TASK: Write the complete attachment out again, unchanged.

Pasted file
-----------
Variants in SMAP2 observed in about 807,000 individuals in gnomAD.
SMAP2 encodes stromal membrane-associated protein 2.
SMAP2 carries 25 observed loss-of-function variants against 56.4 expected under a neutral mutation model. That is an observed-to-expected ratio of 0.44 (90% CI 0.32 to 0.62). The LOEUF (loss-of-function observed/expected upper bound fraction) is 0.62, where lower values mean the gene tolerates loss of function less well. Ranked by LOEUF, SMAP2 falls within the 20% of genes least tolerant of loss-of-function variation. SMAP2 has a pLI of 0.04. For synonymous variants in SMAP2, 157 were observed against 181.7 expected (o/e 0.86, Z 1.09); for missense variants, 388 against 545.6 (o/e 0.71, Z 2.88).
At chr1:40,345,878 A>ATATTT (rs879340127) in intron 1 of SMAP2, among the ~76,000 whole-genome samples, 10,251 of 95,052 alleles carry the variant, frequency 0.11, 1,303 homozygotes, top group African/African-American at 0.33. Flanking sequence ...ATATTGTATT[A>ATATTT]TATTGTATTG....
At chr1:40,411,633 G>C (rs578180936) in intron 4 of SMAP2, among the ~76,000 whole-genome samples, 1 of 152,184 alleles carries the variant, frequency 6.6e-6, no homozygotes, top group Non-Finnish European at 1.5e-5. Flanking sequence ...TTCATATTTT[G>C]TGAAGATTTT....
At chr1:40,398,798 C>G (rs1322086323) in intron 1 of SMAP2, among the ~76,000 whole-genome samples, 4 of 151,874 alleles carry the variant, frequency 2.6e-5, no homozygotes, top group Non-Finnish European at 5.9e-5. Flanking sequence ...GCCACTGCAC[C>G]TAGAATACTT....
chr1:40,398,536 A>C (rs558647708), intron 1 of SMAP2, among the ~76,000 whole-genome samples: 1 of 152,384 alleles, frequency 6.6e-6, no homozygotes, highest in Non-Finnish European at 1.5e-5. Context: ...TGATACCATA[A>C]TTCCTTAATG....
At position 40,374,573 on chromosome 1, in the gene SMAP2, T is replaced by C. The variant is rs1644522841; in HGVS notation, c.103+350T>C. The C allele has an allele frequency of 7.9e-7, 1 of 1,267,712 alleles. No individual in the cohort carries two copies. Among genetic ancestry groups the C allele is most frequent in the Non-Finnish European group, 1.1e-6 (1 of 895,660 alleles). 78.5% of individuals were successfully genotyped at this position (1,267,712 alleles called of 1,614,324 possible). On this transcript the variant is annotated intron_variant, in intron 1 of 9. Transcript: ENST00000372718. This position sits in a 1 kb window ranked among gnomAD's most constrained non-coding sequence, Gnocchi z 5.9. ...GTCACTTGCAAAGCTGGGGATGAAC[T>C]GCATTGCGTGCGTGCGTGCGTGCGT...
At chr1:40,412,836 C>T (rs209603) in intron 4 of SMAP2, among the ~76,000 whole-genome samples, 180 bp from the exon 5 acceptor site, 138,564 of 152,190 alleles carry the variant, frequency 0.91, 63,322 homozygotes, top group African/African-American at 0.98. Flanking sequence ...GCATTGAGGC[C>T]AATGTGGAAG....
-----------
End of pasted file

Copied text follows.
Variants in SMAP2 observed in about 807,000 individuals in gnomAD.
SMAP2 encodes stromal membrane-associated protein 2.
SMAP2 carries 25 observed loss-of-function variants against 56.4 expected under a neutral mutation model. That is an observed-to-expected ratio of 0.44 (90% CI 0.32 to 0.62). The LOEUF (loss-of-function observed/expected upper bound fraction) is 0.62, where lower values mean the gene tolerates loss of function less well. Ranked by LOEUF, SMAP2 falls within the 20% of genes least tolerant of loss-of-function variation. SMAP2 has a pLI of 0.04. For synonymous variants in SMAP2, 157 were observed against 181.7 expected (o/e 0.86, Z 1.09); for missense variants, 388 against 545.6 (o/e 0.71, Z 2.88).
At chr1:40,345,878 A>ATATTT (rs879340127) in intron 1 of SMAP2, among the ~76,000 whole-genome samples, 10,251 of 95,052 alleles carry the variant, frequency 0.11, 1,303 homozygotes, top group African/African-American at 0.33. Flanking sequence ...ATATTGTATT[A>ATATTT]TATTGTATTG....
At chr1:40,411,633 G>C (rs578180936) in intron 4 of SMAP2, among the ~76,000 whole-genome samples, 1 of 152,184 alleles carries the variant, frequency 6.6e-6, no homozygotes, top group Non-Finnish European at 1.5e-5. Flanking sequence ...TTCATATTTT[G>C]TGAAGATTTT....
At chr1:40,398,798 C>G (rs1322086323) in intron 1 of SMAP2, among the ~76,000 whole-genome samples, 4 of 151,874 alleles carry the variant, frequency 2.6e-5, no homozygotes, top group Non-Finnish European at 5.9e-5. Flanking sequence ...GCCACTGCAC[C>G]TAGAATACTT....
chr1:40,398,536 A>C (rs558647708), intron 1 of SMAP2, among the ~76,000 whole-genome samples: 1 of 152,384 alleles, frequency 6.6e-6, no homozygotes, highest in Non-Finnish European at 1.5e-5. Context: ...TGATACCATA[A>C]TTCCTTAATG....
At position 40,374,573 on chromosome 1, in the gene SMAP2, T is replaced by C. The variant is rs1644522841; in HGVS notation, c.103+350T>C. The C allele has an allele frequency of 7.9e-7, 1 of 1,267,712 alleles. No individual in the cohort carries two copies. Among genetic ancestry groups the C allele is most frequent in the Non-Finnish European group, 1.1e-6 (1 of 895,660 alleles). 78.5% of individuals were successfully genotyped at this position (1,267,712 alleles called of 1,614,324 possible). On this transcript the variant is annotated intron_variant, in intron 1 of 9. Transcript: ENST00000372718. This position sits in a 1 kb window ranked among gnomAD's most constrained non-coding sequence, Gnocchi z 5.9. ...GTCACTTGCAAAGCTGGGGATGAAC[T>C]GCATTGCGTGCGTGCGTGCGTGCGT...
At chr1:40,412,836 C>T (rs209603) in intron 4 of SMAP2, among the ~76,000 whole-genome samples, 180 bp from the exon 5 acceptor site, 138,564 of 152,190 alleles carry the variant, frequency 0.91, 63,322 homozygotes, top group African/African-American at 0.98. Flanking sequence ...GCATTGAGGC[C>T]AATGTGGAAG....